Fire Particles for HTML5 Canvas

February 24, 2013

I've been doing some programming recently in Javascript, and in particular, the canvas element. Of course, being me, one of the first things I tend to do when working with graphics is make particle systems. A few years ago when I was learning Actionscript 3, I made some particle effects in Flash, but looking back, those look pretty primitive and bad. So instead, I figured, why not try to make some good-looking fire?

The Final Product

See the Pen Fire Particles by Dave Pagurek (@davepvm) on CodePen

Try moving your mouse around in the box above!

The Code

First, you need to set up your HTML.

        <script src="fire.js"></script>
    <body onload="init()">
        <canvas id="game" width="650" height="400"></canvas>

Notice that the !DOCTYPE is html. That is the HTML5 doctype, and it allows us to use the canvas element. Also, the Javascript function init() will be called when the page is loaded. Now, in fire.js, we need to define this function.

var canvas;
var stage;
var width = 650;
var height = 400;
var particles = [];
var max = 60;
var mouseX=0;
var mouseY=0;

var speed=3;
var size=20;

//The class we will use to store particles. It includes x and y
//coordinates, horizontal and vertical speed, and how long it's
//been "alive" for.
function Particle(x, y, xs, ys) {

function init() {
    //Reference to the HTML element
    //See if the browser supports canvas
    if (canvas.getContext) {
        //Get the canvas context to draw onto
        stage = canvas.getContext("2d");
        //Makes the colors add onto each other, producing
        //that nice white in the middle of the fire
        //Update the mouse position
        document.addEventListener("mousemove", getMousePos);
        //Update the particles every frame
        var timer=setInterval("update()",40);
    } else {
        alert("Canvas not supported.");

function getMousePos (evt) {
    var rect = canvas.getBoundingClientRect()
    var root = document.documentElement;
    // return mouse position relative to the canvas
    mouseX = evt.clientX - rect.left - root.scrollLeft;
    mouseY = evt.clientY - - root.scrollTop;

function update() {

    //Adds ten new particles every frame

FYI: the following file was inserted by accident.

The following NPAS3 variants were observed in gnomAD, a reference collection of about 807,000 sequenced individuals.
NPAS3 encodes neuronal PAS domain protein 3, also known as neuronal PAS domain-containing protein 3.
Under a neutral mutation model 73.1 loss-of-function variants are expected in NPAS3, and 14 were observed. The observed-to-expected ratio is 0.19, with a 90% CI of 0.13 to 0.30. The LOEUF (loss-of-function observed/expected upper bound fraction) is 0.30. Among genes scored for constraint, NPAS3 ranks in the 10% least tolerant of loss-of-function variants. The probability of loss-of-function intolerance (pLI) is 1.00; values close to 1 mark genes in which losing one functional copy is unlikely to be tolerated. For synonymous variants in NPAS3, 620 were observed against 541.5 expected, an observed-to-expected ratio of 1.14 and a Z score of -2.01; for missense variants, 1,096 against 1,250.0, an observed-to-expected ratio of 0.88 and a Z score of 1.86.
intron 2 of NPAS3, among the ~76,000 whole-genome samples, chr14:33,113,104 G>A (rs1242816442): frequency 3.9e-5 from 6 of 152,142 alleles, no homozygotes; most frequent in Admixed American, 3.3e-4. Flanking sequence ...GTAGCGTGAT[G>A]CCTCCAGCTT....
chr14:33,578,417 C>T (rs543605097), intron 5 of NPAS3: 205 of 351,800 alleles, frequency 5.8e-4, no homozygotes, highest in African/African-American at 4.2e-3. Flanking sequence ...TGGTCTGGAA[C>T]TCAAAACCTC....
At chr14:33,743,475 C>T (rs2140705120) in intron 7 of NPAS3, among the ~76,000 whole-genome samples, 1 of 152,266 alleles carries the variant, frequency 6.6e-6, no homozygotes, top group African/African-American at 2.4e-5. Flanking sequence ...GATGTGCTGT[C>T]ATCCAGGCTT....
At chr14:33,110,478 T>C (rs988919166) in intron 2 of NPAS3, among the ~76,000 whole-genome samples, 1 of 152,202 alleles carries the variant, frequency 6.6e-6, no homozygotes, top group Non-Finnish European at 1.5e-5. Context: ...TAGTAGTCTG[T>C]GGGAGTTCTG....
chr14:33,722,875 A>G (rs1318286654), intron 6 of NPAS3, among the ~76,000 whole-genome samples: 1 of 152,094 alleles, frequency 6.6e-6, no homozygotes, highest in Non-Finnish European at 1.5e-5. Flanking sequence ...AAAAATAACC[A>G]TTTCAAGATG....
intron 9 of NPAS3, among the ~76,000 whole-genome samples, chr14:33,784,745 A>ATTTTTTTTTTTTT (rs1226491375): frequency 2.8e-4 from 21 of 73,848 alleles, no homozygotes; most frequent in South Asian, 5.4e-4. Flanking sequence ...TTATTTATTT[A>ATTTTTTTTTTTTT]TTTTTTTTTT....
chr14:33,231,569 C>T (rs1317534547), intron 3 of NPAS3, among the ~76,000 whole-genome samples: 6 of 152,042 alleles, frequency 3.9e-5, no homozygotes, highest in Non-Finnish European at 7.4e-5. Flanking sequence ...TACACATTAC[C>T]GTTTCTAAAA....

for (var i=0; i<10; i++) {

        //Adds a particle at the mouse position, with random horizontal and vertical speeds
        var p = new Particle(mouseX, mouseY, (Math.random()*2*speed-speed)/2, 0-Math.random()*2*speed);
    //Clear the stage so we can draw the new frame
    stage.clearRect(0, 0, width, height);
    //Cycle through all the particles to draw them
    for (var i=0; i<particles.length; i++) {
        //Set the file colour to an RGBA value where it starts off red-orange, but progressively
        //gets more grey and transparent the longer the particle has been alive for
        stage.fillStyle = "rgba("+(260-(particles[i].life*2))+","+((particles[i].life*2)+50)+","+(particles[i].life*2)+","+(((max-particles[i].life)/max)*0.4)+")";
        //Draw the particle as a circle, which gets slightly smaller the longer it's been alive for
        //Move the particle based on its horizontal and vertical speeds

        //If the particle has lived longer than we are allowing, remove it from the array.
        if (particles[i].life >= max) {
            particles.splice(i, 1);

The comments in the code are pretty thorough, but here are the important parts you should take note of.


This part is what makes the overall effect look like fire and not like red-colored smoke. When a bunch of particles are on top of each other, the colors add on to each other to make the overlapped area lighter. In practice, this means that the area where the particles are created is white because there are so many of them there. It gets progressively darker away from that point as the particles spread out.

var timer=setInterval("update()",40);

This is the code that makes the update() function be called every 40 milliseconds. Inside the update() function, the particles are moved to new positions and then drawn, thus animating them.

Anyway, I'm not sure how useful this effect actually is, but it is certainly cool to look at.